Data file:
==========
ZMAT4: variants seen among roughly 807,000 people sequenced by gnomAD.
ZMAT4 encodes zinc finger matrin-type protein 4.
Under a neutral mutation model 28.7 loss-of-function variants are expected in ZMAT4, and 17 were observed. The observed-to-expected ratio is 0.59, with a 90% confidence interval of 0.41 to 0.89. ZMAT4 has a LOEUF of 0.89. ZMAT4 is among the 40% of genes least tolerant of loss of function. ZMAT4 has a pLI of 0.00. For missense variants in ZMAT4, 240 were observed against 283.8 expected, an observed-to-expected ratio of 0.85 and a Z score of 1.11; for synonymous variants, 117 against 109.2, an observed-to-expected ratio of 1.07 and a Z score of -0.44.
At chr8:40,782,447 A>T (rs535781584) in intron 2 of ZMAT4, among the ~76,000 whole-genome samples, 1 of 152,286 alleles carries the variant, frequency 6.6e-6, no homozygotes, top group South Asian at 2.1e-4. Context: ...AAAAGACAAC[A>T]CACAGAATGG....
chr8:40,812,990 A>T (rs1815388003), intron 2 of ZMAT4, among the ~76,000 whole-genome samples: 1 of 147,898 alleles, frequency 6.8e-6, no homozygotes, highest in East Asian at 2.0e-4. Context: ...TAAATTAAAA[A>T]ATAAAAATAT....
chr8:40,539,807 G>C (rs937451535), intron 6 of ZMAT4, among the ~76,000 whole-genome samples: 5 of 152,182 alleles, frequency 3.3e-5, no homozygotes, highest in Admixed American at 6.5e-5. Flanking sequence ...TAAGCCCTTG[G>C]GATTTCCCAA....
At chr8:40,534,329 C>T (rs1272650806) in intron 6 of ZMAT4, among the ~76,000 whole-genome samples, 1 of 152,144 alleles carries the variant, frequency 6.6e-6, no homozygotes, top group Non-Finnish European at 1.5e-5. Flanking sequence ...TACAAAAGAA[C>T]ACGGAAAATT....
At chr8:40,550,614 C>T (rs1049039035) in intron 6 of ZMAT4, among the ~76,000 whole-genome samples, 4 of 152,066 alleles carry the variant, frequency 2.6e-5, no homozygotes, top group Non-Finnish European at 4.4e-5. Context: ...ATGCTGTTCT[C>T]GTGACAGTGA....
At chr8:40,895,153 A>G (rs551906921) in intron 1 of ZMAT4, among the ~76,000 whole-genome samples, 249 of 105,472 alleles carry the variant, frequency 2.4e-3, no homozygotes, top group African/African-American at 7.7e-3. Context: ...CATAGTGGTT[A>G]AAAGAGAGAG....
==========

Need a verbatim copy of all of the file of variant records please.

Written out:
ZMAT4: variants seen among roughly 807,000 people sequenced by gnomAD.
ZMAT4 encodes zinc finger matrin-type protein 4.
Under a neutral mutation model 28.7 loss-of-function variants are expected in ZMAT4, and 17 were observed. The observed-to-expected ratio is 0.59, with a 90% confidence interval of 0.41 to 0.89. ZMAT4 has a LOEUF of 0.89. ZMAT4 is among the 40% of genes least tolerant of loss of function. ZMAT4 has a pLI of 0.00. For missense variants in ZMAT4, 240 were observed against 283.8 expected, an observed-to-expected ratio of 0.85 and a Z score of 1.11; for synonymous variants, 117 against 109.2, an observed-to-expected ratio of 1.07 and a Z score of -0.44.
At chr8:40,782,447 A>T (rs535781584) in intron 2 of ZMAT4, among the ~76,000 whole-genome samples, 1 of 152,286 alleles carries the variant, frequency 6.6e-6, no homozygotes, top group South Asian at 2.1e-4. Context: ...AAAAGACAAC[A>T]CACAGAATGG....
chr8:40,812,990 A>T (rs1815388003), intron 2 of ZMAT4, among the ~76,000 whole-genome samples: 1 of 147,898 alleles, frequency 6.8e-6, no homozygotes, highest in East Asian at 2.0e-4. Context: ...TAAATTAAAA[A>T]ATAAAAATAT....
chr8:40,539,807 G>C (rs937451535), intron 6 of ZMAT4, among the ~76,000 whole-genome samples: 5 of 152,182 alleles, frequency 3.3e-5, no homozygotes, highest in Admixed American at 6.5e-5. Flanking sequence ...TAAGCCCTTG[G>C]GATTTCCCAA....
At chr8:40,534,329 C>T (rs1272650806) in intron 6 of ZMAT4, among the ~76,000 whole-genome samples, 1 of 152,144 alleles carries the variant, frequency 6.6e-6, no homozygotes, top group Non-Finnish European at 1.5e-5. Flanking sequence ...TACAAAAGAA[C>T]ACGGAAAATT....
At chr8:40,550,614 C>T (rs1049039035) in intron 6 of ZMAT4, among the ~76,000 whole-genome samples, 4 of 152,066 alleles carry the variant, frequency 2.6e-5, no homozygotes, top group Non-Finnish European at 4.4e-5. Context: ...ATGCTGTTCT[C>T]GTGACAGTGA....
At chr8:40,895,153 A>G (rs551906921) in intron 1 of ZMAT4, among the ~76,000 whole-genome samples, 249 of 105,472 alleles carry the variant, frequency 2.4e-3, no homozygotes, top group African/African-American at 7.7e-3. Context: ...CATAGTGGTT[A>G]AAAGAGAGAG....